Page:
for? I snagged a CTS 2.0T for a week to find out.
I found the outgoing CTS a little discordant, but 2014 brings an elegant
more aggressive refresh. GM's Art and Science theme has matured from
"cubism gone wrong" to shapes that flow and jibe with a larger grille and
softer creases. The 5-Series continues to go for elegant and restrained, I
find the XF and A6′s design a mixture of plain-Jane and snazzy headlamps
while the Infiniti Q5o and Lexus GS are going for flowing elegance.
The demur side profile continues with a simple character line to draw your
eye from front to rear. One thing you'll notice during that eye-movement is
the distinct RWD proportions that separate the CTS, E, 5, GS, XF and Q50
from the long-nosed Audi A6 and near-luxury FWD options. Out back the CTS'
rump is a bit less exciting but employs all the latest luxury cues from
hidden Exhaust tops to light piped
tail lamps. I was hoping Caddy's fins would be further resurrected, but
the "proto fins" on the XTS are absent. Pity. Obvious from every angle is
an attention to build quality absent from earlier generations with perfect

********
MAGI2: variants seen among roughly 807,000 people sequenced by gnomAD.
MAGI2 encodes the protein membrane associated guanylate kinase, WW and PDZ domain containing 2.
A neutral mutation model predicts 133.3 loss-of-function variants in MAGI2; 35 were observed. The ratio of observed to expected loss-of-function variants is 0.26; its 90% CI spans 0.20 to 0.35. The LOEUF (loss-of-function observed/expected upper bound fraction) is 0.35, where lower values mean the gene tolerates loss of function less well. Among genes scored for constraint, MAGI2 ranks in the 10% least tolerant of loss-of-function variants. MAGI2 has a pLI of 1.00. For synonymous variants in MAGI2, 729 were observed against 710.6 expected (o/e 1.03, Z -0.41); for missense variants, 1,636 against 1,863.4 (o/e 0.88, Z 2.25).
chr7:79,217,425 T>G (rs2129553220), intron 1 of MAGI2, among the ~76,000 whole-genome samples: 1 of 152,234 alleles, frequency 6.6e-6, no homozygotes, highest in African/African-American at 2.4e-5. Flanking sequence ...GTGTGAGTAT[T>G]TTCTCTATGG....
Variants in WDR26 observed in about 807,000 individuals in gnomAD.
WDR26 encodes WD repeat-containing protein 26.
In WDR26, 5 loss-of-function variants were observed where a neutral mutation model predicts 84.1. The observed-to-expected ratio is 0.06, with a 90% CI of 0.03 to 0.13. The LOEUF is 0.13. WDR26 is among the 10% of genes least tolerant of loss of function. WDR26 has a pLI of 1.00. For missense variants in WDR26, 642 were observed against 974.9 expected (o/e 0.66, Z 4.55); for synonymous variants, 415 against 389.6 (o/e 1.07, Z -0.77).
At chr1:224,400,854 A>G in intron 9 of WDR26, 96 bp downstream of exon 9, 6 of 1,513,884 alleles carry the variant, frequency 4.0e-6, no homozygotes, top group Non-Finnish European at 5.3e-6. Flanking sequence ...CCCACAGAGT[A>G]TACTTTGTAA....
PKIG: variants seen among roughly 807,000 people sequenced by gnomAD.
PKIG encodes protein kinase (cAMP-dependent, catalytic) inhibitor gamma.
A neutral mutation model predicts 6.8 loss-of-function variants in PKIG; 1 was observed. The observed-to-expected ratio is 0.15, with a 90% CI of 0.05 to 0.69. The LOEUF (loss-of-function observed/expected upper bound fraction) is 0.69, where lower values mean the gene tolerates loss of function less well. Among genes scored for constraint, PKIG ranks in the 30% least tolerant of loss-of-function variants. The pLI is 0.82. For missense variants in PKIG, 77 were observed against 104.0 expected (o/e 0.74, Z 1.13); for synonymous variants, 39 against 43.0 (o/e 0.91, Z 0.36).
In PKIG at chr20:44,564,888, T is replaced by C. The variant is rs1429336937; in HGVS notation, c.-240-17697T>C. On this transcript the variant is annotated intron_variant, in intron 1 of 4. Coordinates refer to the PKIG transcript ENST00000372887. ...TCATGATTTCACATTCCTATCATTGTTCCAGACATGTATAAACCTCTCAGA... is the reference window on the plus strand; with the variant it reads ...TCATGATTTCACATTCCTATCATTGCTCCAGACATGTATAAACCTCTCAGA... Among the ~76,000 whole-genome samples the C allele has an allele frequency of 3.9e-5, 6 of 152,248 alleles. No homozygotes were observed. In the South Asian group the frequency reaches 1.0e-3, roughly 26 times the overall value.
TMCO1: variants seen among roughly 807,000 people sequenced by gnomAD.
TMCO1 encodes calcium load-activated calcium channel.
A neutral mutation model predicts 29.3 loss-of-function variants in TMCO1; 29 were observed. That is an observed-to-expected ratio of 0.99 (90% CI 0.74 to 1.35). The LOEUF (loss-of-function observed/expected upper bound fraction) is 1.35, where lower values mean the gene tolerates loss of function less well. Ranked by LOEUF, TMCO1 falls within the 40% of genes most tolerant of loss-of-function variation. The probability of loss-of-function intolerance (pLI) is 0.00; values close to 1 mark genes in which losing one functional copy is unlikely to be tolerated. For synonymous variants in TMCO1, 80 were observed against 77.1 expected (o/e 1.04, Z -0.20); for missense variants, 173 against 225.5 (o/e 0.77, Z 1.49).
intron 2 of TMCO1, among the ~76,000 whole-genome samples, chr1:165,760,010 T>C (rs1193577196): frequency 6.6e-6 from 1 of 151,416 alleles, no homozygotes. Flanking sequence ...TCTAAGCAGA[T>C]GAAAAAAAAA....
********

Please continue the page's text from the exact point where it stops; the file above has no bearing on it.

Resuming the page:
panel gaps and seams.
Unfortunately, the first thing you'll notice out on the road is the coarse
sound from under the hood. GM's 2.0L engine is no less refined than BMW or
Mercedes' four-bangers, but the difference is you can hear the engine in
the CTS. In fact, based on the overall quietness of the cabin (a
competitive 67 dB at 50 MPH), I can only conclude that Cadillac designed
the engine to be heard. I don't mind hearing the 3.6L V6, but most luxury
shoppers would prefer not to be reminded they chose the rational engine
every time they get on the freeway. On the bright side, because GM does not
offer start/stop tech, shoppers are spared the inelegant starts and stops
that characterize 528i city driving.
While I'm picking nits, the 6-speed found in the 2.0T and most 3.6 models
lacks the ratio spread and shift smoothness of the ZF 8-speed automatic
found in most of the competition.
The reason I label those flaws as mere nits is because of how the CTS
accomplishes every other task on the road. Acceleration to 60 happens a
4/10ths faster than an E350, a
half-second faster than the 528i,
a full second faster than a GS350,
and practically years ahead of the A6 2.0T. Part of this has to do with the
engine's superior torque curve and higher horsepower numbers, but
plenty has to do with curb weight. At 3,616 lbs, the CTS 2.oT is 200lbs
lighter than the BMW or Lexus, 400lbs lighter than an E350. The comparable
Audi A6 would be the front-wheel-drive 2.0T model with the CVT at 3,726. If
you think that's an unfair comparison, the 2.0T with Quattro is 3,900lbs
and does little to correct the A6′s front-heavy weight balance.